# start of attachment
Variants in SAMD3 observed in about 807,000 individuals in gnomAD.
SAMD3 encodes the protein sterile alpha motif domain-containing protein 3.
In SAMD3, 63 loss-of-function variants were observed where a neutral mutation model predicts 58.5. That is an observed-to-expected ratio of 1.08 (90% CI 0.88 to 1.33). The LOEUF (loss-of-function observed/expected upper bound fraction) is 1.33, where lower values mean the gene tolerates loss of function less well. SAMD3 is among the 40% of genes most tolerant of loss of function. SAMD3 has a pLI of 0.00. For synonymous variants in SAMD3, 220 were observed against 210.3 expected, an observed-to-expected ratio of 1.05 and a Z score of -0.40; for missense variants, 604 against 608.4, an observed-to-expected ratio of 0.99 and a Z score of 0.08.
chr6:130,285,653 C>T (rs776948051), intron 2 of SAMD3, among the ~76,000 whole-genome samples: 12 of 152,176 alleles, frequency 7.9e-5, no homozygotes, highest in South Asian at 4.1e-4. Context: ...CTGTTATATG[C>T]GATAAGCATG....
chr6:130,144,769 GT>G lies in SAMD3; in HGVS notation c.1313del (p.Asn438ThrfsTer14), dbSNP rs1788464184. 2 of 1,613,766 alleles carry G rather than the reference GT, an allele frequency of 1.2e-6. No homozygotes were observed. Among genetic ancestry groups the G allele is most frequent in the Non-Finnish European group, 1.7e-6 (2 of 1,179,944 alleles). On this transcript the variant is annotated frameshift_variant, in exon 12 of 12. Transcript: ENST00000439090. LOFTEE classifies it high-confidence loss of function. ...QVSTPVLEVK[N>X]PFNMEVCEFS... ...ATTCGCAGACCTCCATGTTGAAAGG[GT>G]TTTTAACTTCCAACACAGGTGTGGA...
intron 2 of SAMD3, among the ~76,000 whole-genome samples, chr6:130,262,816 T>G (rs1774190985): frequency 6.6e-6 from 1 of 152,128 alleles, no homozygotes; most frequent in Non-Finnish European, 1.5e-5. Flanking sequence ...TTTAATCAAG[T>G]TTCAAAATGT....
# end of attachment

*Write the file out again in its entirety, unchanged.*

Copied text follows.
Variants in SAMD3 observed in about 807,000 individuals in gnomAD.
SAMD3 encodes the protein sterile alpha motif domain-containing protein 3.
In SAMD3, 63 loss-of-function variants were observed where a neutral mutation model predicts 58.5. That is an observed-to-expected ratio of 1.08 (90% CI 0.88 to 1.33). The LOEUF (loss-of-function observed/expected upper bound fraction) is 1.33, where lower values mean the gene tolerates loss of function less well. SAMD3 is among the 40% of genes most tolerant of loss of function. SAMD3 has a pLI of 0.00. For synonymous variants in SAMD3, 220 were observed against 210.3 expected, an observed-to-expected ratio of 1.05 and a Z score of -0.40; for missense variants, 604 against 608.4, an observed-to-expected ratio of 0.99 and a Z score of 0.08.
chr6:130,285,653 C>T (rs776948051), intron 2 of SAMD3, among the ~76,000 whole-genome samples: 12 of 152,176 alleles, frequency 7.9e-5, no homozygotes, highest in South Asian at 4.1e-4. Context: ...CTGTTATATG[C>T]GATAAGCATG....
chr6:130,144,769 GT>G lies in SAMD3; in HGVS notation c.1313del (p.Asn438ThrfsTer14), dbSNP rs1788464184. 2 of 1,613,766 alleles carry G rather than the reference GT, an allele frequency of 1.2e-6. No homozygotes were observed. Among genetic ancestry groups the G allele is most frequent in the Non-Finnish European group, 1.7e-6 (2 of 1,179,944 alleles). On this transcript the variant is annotated frameshift_variant, in exon 12 of 12. Transcript: ENST00000439090. LOFTEE classifies it high-confidence loss of function. ...QVSTPVLEVK[N>X]PFNMEVCEFS... ...ATTCGCAGACCTCCATGTTGAAAGG[GT>G]TTTTAACTTCCAACACAGGTGTGGA...
intron 2 of SAMD3, among the ~76,000 whole-genome samples, chr6:130,262,816 T>G (rs1774190985): frequency 6.6e-6 from 1 of 152,128 alleles, no homozygotes; most frequent in Non-Finnish European, 1.5e-5. Flanking sequence ...TTTAATCAAG[T>G]TTCAAAATGT....